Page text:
What I realized when reading over the Magical Secrets description of the Bard class is that they can pick a spell from ANY class as long as they can cast spells of that spell level. This means that when they first get the ability at 10th level, a Bard can pick ANY 5th level spell.
Normally this would be pretty straightforward and balanced. After all, Clerics and Wizards get 5th level spells at 9th level anyway, so who cares if the Bard picks a couple off their list at 10th level?
However, Rangers and Paladins get 5th level spells at 17th level, and they will only ever be able to cast two of them a day. Most of these spells are spells that Clerics, Druids, and Wizards already have at 5th level, but a few of them are unique, and it turns out that those are pretty powerful.
The Paladin’s Banishing Smite is pretty tempting. You can cast it as a bonus action, and it makes the next attack you make do 5d10 damage and BANISH a creature back to its native plane if it is reduced to 50HP or fewer.
My favorite choice, though, is Swift Quiver from the Ranger spell list. Cast as a bonus action, it gives your quiver an endless supply of ammunition and allows you to make two extra ranged attacks per turn as a bonus action for one minute. What that means is that when you cast that spell as a Bard with College of Valor, you’ll get to make 4 ranged attacks per round with a bow or other weapon for basically an entire combat.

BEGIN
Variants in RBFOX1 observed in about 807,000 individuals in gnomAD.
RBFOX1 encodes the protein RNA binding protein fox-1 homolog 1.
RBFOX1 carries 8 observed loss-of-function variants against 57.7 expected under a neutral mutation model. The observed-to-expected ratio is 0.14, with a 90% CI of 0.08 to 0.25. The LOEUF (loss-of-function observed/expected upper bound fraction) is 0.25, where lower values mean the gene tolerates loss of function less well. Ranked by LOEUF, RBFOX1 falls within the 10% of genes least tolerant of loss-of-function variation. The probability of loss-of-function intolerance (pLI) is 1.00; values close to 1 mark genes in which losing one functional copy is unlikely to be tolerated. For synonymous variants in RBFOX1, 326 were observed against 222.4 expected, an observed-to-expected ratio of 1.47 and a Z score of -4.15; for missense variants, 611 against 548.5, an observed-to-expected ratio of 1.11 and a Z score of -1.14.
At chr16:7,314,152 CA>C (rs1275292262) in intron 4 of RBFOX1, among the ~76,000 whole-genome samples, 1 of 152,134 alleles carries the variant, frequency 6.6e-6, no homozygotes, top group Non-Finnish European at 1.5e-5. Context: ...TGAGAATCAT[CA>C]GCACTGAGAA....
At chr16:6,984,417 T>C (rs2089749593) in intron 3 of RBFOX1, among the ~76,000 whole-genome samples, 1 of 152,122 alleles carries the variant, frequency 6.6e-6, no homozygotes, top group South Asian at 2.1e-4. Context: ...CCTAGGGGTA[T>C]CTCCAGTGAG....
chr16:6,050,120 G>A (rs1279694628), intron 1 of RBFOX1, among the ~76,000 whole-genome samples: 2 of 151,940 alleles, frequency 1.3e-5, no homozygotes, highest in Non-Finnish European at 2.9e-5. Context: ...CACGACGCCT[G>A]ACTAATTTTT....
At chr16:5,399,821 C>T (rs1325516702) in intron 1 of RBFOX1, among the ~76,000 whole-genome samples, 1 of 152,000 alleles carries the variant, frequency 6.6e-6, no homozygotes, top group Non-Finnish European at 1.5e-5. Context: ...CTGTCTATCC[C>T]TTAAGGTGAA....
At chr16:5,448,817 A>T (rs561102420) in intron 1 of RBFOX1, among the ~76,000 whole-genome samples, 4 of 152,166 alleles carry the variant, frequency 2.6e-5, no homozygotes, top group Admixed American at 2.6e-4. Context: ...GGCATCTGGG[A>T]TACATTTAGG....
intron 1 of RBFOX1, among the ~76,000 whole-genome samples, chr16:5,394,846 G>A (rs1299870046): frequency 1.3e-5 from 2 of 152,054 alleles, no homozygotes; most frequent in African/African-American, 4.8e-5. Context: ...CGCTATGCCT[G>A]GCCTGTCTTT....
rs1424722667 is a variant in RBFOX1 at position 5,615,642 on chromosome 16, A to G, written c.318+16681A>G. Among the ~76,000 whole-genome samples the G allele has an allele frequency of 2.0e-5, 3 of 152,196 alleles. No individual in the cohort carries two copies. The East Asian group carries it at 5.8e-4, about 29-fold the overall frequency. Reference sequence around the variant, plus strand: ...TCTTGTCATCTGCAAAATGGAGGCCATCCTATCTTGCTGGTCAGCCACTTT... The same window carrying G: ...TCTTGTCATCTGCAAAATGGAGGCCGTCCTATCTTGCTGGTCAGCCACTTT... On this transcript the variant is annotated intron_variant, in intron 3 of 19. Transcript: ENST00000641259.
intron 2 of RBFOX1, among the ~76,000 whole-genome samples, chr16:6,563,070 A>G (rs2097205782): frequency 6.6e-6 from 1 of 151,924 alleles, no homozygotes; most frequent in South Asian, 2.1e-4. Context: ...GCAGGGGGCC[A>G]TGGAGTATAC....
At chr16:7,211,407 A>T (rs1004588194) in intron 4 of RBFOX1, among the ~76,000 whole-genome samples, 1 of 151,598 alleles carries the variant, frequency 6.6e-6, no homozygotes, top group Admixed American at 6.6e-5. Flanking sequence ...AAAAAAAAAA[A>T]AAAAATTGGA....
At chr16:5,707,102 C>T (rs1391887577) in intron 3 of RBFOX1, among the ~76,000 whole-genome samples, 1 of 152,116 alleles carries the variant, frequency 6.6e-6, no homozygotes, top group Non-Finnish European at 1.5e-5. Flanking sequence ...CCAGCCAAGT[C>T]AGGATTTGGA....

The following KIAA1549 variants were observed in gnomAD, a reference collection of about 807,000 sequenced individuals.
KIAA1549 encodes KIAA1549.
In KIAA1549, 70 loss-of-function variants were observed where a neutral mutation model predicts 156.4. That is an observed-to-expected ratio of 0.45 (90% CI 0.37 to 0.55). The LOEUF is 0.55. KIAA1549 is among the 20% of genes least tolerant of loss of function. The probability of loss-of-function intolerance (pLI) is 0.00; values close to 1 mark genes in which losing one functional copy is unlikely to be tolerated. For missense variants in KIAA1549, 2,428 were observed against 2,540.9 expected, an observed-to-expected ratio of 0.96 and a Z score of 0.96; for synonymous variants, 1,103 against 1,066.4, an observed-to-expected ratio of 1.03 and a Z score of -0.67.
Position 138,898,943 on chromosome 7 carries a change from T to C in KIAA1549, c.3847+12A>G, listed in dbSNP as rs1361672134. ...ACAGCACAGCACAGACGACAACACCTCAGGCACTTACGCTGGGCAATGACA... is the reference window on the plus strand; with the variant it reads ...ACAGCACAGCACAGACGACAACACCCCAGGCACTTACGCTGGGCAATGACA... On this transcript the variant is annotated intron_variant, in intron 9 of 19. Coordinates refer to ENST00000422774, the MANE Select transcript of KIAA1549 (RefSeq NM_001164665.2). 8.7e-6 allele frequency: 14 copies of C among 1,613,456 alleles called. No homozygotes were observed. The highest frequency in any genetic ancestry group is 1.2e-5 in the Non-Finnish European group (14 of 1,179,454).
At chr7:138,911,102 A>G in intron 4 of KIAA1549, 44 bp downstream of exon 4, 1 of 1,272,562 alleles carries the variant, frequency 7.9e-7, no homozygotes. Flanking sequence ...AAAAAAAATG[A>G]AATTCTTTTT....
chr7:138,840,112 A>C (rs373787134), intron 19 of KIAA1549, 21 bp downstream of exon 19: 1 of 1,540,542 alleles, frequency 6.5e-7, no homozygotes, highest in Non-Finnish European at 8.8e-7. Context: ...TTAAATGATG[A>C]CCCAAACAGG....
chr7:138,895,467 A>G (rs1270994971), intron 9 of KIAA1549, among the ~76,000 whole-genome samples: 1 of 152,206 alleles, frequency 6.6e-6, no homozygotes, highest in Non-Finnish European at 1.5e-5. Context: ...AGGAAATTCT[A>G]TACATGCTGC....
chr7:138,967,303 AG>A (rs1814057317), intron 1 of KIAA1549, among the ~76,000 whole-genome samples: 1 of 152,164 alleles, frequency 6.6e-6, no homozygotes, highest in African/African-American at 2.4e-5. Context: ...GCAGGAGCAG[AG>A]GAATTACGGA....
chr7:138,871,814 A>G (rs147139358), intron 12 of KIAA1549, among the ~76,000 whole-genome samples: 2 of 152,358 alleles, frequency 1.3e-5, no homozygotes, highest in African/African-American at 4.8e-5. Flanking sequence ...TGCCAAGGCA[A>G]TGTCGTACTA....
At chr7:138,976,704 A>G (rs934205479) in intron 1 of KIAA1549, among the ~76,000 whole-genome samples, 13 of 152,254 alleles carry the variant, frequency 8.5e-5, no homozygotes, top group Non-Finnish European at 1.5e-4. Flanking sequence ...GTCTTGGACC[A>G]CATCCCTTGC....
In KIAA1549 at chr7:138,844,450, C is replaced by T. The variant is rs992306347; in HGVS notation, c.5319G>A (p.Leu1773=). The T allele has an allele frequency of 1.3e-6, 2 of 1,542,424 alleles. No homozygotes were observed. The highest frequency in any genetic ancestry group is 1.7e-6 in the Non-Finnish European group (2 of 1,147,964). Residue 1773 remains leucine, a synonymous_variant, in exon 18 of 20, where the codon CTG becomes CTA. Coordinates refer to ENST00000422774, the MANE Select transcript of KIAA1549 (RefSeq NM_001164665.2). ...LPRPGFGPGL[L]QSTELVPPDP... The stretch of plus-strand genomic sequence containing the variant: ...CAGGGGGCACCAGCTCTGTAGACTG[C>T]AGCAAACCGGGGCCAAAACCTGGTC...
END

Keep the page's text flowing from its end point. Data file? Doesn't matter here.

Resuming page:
Considering that a Ranger or Fighter can only make two attacks a round with a bow or other ranged weapon (unless they dual wield), this arguably makes the Bard one of the best ranged attack builds. Of course, the Fighter can make 3 attacks by level 11, but the bard still maintains an edge until level 17 when the Ranger gets Swift Quiver themselves.
There certainly are limitations to having to use a spell to get half your attacks. You can’t use it every fight, for example, which is huge, and even then it is using up a spell slot you could have used on something else. Also, the spell requires concentration, which means a few good hits from the enemy can mean losing its benefit. Finally, it uses up your free action, which means you can’t give out inspiration during battle (though with careful planning, you could still pass it out to folks before battle starts since they can spend it within 10 minutes). Overall, however, I think it’s a very powerful option and allows the Bard to deal out some serious damage during battle. Furthermore, as the Bard levels they can use it more and more often, even substituting higher level spell slots if they feel like it.
I actually think doing this is pretty cheap and probably not what the designers had in mind. Furthermore, it robs the Ranger of some of its uniqueness at higher level. While I don’t think it breaks the game, I’m not sure I would allow it as a DM.
What do YOU think, dear readers? Should the bard be able to use Magical Secrets to cherry pick off the Paladin and Ranger spell lists? Or should the Bard not be allowed to take a spell if the only class that gets it can’t even cast it yet?